This could be a lengthy article in itself, so I'll leave it at that. :]

Re: Why Don’t Politicians Leverage Games More?

Most also don't want to lose the scared stupid parent vote.

Re: Why Don’t Politicians Leverage Games More?

I think they (politics religion army etc etc take your pick) should keep their filthy hands off games frankly I wish they would get their hands off everything other than what their job is supposed to be.

 
Forgot your password?
Username :
Password :

Poll

Should 'Hatred' have been removed from Steam Greenlight?:

Shout box

You're not permitted to post shouts.
PHX Corphttp://www.craveonline.com/gaming/articles/801575-sony-refuses-offer-refund-playstation-game-fraudulently-purchased-hacker Sony Refuses to Offer Refund for PlayStation Game Fraudulently Purchased by Hacker12/18/2014 - 1:43pm
NeenekoMakes sense to me, and sounds kinda cool. One cool thing about Minecraft is the meta game, you can implement other game types within its mechanics. There are servers out there with plots, an episodic single player one sound kinda cool12/18/2014 - 11:07am
MaskedPixelantehttps://mojang.com/announcing-minecraft-story-mode/ Umm... what?12/18/2014 - 10:24am
NeenekoThat would make sense. Theaters probably can not afford the liability worry or a drop in ticket sales from worried people. Sony on the other hand can take a massive writeoff, and might even be able to bypass distribution contracts for greater profit.12/18/2014 - 10:03am
ConsterNeeneko: I thought they cancelled it because the major cinema franchises were too scared of terrorist attacks to show the film?12/18/2014 - 9:55am
Neeneko@Wonderkarp - there is still a lot of debate regarding if the movie was a motive or not. Unnamed officials say yes, the timeline says no.12/18/2014 - 9:10am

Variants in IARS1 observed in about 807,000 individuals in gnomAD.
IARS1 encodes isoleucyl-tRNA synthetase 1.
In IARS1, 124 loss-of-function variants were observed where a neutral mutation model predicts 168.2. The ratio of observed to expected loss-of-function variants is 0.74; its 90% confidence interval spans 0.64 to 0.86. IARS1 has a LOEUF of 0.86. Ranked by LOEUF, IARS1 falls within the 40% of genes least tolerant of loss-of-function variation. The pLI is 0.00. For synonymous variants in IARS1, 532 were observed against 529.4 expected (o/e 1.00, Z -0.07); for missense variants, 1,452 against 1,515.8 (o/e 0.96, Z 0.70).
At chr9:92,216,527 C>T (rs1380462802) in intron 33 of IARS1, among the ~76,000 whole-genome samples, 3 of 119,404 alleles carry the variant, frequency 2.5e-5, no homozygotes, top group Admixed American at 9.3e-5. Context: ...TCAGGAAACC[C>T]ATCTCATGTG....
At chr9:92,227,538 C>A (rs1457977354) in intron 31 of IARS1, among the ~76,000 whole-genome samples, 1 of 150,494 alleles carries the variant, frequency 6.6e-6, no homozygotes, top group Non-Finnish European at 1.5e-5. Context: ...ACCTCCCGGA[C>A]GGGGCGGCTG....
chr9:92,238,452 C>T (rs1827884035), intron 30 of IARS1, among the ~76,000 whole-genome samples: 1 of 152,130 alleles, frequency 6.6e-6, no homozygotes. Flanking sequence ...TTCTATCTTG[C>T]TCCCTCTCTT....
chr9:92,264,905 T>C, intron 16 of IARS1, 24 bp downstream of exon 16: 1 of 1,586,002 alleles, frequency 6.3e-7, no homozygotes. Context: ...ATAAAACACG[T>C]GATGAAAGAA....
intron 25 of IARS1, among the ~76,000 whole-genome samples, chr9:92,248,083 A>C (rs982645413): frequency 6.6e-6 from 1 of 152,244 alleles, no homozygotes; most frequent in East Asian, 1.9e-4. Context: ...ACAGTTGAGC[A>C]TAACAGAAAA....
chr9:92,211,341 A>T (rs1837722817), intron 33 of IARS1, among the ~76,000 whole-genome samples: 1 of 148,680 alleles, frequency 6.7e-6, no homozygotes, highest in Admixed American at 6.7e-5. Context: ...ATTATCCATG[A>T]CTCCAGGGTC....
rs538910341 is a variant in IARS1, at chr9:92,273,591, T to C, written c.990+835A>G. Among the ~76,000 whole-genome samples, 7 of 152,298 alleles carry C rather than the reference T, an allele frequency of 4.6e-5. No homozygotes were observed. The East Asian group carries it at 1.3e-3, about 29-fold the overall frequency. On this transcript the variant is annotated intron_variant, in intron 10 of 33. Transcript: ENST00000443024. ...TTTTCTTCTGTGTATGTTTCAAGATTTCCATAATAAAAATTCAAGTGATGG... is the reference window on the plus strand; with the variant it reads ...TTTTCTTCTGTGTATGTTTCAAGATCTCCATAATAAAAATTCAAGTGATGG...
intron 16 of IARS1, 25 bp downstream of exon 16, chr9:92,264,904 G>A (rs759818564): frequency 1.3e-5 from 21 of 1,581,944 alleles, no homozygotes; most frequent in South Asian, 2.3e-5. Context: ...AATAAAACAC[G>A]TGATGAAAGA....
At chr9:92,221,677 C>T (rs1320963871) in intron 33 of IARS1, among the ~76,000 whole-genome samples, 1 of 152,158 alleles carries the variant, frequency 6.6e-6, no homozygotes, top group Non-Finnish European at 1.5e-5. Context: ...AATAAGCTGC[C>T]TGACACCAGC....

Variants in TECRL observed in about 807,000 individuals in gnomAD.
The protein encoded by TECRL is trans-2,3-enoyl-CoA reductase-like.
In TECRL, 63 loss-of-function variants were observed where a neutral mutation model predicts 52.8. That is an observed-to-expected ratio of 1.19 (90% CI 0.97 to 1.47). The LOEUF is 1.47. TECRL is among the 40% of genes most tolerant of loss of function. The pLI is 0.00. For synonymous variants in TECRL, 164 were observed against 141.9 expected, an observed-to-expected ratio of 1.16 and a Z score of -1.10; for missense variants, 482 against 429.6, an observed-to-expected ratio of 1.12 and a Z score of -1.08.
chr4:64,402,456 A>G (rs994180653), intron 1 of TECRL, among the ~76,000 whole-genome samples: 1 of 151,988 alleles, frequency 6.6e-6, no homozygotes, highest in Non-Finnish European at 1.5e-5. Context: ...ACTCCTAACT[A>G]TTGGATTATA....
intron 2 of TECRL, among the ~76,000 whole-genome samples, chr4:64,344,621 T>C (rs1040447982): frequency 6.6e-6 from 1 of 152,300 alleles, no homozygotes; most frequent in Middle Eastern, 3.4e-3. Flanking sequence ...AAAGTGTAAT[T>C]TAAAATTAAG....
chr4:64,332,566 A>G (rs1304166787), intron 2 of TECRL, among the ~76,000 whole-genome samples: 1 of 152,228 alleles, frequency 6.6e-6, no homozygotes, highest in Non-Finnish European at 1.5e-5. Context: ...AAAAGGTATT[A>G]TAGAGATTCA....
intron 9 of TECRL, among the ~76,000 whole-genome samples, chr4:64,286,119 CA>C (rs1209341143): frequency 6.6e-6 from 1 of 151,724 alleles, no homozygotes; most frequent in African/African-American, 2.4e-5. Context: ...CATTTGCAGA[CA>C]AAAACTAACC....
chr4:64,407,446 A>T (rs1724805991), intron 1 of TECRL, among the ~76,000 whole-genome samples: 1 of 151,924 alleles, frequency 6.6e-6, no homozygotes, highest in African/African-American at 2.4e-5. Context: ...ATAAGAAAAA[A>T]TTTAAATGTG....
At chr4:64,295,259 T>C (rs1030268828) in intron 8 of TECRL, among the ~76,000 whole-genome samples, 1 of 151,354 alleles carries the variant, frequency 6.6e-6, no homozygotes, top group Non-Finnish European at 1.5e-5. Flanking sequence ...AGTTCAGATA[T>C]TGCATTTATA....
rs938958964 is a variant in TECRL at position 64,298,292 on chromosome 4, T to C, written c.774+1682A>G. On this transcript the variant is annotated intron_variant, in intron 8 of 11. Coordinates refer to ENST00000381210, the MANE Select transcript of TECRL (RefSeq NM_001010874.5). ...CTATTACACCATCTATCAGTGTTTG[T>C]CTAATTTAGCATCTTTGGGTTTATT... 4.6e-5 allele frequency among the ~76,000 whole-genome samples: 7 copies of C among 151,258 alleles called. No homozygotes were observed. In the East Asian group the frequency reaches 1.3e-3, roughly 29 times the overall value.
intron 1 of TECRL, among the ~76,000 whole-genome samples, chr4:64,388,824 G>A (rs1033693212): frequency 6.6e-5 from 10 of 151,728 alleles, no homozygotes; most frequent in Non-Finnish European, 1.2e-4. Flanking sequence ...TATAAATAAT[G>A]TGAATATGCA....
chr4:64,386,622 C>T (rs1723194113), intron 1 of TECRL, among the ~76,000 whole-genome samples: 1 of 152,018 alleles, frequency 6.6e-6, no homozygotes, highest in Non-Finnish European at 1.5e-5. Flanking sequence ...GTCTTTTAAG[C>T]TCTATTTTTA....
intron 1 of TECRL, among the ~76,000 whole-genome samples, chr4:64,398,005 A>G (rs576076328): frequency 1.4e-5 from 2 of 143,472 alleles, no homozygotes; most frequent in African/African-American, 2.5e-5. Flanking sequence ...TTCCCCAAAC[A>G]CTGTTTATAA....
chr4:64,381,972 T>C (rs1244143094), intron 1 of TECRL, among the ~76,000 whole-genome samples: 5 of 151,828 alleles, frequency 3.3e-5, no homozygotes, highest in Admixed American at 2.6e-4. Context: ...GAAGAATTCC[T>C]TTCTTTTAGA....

NeenekoSomething does not smell right though, Sony is no stranger to being hacked, so why cancel this film? For that matter, they are still not giving in to hacker's original demands as far as I know.12/18/2014 - 9:06am
PHX Corp@prh99 Not to mention the Dangerous Precedent that sony's hacking scandal just set http://mashable.com/2014/12/17/sony-hackers-precedent/12/18/2014 - 8:25am
Matthew WilsonI hope its released to netflix or amazon12/18/2014 - 12:11am
prh99Basically they've given every tin pot dictator and repressive regime a blue print how to conduct censorship abroad. The hecklers veto wins again. At least when it comes to Sony and the four major theater chains.12/17/2014 - 11:55pm
MaskedPixelante"It's not OUR fault that our game doesn't work, it's YOUR fault for having so many friends."12/17/2014 - 9:48pm
Matthew Wilsonapparently tetris did not work because he has a full friends list12/17/2014 - 9:21pm
WonderkarpSo Sony cancelled the release of the Interview. was it ever confirmed that the Sony hacking was done because of that specific movie?12/17/2014 - 8:54pm
MaskedPixelanteWow, Ubisoft went four for four, I didn't think it was actually possible.12/17/2014 - 8:37pm
MechaTama31Oh, ok, I was mixing up "on Greenlight" and "Greenlit".12/17/2014 - 8:23pm
Matthew Wilson@phx you beat me to it. how do you screw up tetris?! my ubisoft this is just stupid. no one should ever preorder a ubisoft game again! ps people should never preorder any game regardles of dev.12/17/2014 - 6:28pm
PHX Corphttp://www.ign.com/videos/2014/12/17/what-the-heck-is-wrong-with-tetris-ps4 I give up on ubisoft12/17/2014 - 6:01pm
MaskedPixelantehttp://comicbook.com/blog/2014/08/16/exclusive-original-unaltered-cut-of-star-wars-trilogy-to-be-rele/ Yeah, this'll never happen.12/17/2014 - 5:03pm
NeenekoThey have and exercise control over which games are allowed on their privately controlled 'open forum'. Their endorsement is fairly minimal since it is only 'we do not reject this', but it is still an endorsement of sorts.12/17/2014 - 3:58pm
NeenekoHistorically there have been issues with libraries allowing some groups but not others. Perhaps 'endorsement' is too strong a word, but their editorial control IS a preapproval process, even if the standards are pretty minimal.12/17/2014 - 3:56pm
 

Be Heard - Contact Your Politician